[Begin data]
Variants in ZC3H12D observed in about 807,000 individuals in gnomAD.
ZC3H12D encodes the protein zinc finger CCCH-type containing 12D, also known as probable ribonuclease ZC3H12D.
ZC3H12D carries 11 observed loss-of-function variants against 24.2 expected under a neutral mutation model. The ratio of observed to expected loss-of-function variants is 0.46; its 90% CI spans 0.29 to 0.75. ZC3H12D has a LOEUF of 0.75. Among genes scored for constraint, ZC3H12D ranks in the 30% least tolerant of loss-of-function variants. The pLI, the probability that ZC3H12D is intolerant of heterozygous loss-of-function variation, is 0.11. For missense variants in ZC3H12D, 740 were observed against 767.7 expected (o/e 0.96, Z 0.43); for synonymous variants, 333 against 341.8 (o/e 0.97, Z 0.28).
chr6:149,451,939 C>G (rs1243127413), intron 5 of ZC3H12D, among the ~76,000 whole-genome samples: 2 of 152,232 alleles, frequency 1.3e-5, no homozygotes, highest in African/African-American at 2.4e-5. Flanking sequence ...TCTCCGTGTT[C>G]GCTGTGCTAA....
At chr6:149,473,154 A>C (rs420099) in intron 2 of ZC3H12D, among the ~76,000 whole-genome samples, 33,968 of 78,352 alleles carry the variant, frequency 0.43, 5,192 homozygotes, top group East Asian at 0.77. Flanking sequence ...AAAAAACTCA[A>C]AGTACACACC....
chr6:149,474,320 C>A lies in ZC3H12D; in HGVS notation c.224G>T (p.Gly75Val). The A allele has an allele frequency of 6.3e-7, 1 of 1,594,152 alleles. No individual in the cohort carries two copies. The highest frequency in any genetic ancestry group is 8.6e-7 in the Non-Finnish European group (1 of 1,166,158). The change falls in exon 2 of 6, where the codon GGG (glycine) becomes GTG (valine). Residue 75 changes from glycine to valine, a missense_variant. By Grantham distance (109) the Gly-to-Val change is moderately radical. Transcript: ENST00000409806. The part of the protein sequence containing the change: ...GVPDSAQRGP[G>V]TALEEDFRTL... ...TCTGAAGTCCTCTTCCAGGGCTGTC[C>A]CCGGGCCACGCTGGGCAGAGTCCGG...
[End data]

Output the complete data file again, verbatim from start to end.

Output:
Variants in ZC3H12D observed in about 807,000 individuals in gnomAD.
ZC3H12D encodes the protein zinc finger CCCH-type containing 12D, also known as probable ribonuclease ZC3H12D.
ZC3H12D carries 11 observed loss-of-function variants against 24.2 expected under a neutral mutation model. The ratio of observed to expected loss-of-function variants is 0.46; its 90% CI spans 0.29 to 0.75. ZC3H12D has a LOEUF of 0.75. Among genes scored for constraint, ZC3H12D ranks in the 30% least tolerant of loss-of-function variants. The pLI, the probability that ZC3H12D is intolerant of heterozygous loss-of-function variation, is 0.11. For missense variants in ZC3H12D, 740 were observed against 767.7 expected (o/e 0.96, Z 0.43); for synonymous variants, 333 against 341.8 (o/e 0.97, Z 0.28).
chr6:149,451,939 C>G (rs1243127413), intron 5 of ZC3H12D, among the ~76,000 whole-genome samples: 2 of 152,232 alleles, frequency 1.3e-5, no homozygotes, highest in African/African-American at 2.4e-5. Flanking sequence ...TCTCCGTGTT[C>G]GCTGTGCTAA....
At chr6:149,473,154 A>C (rs420099) in intron 2 of ZC3H12D, among the ~76,000 whole-genome samples, 33,968 of 78,352 alleles carry the variant, frequency 0.43, 5,192 homozygotes, top group East Asian at 0.77. Flanking sequence ...AAAAAACTCA[A>C]AGTACACACC....
chr6:149,474,320 C>A lies in ZC3H12D; in HGVS notation c.224G>T (p.Gly75Val). The A allele has an allele frequency of 6.3e-7, 1 of 1,594,152 alleles. No individual in the cohort carries two copies. The highest frequency in any genetic ancestry group is 8.6e-7 in the Non-Finnish European group (1 of 1,166,158). The change falls in exon 2 of 6, where the codon GGG (glycine) becomes GTG (valine). Residue 75 changes from glycine to valine, a missense_variant. By Grantham distance (109) the Gly-to-Val change is moderately radical. Transcript: ENST00000409806. The part of the protein sequence containing the change: ...GVPDSAQRGP[G>V]TALEEDFRTL... ...TCTGAAGTCCTCTTCCAGGGCTGTC[C>A]CCGGGCCACGCTGGGCAGAGTCCGG...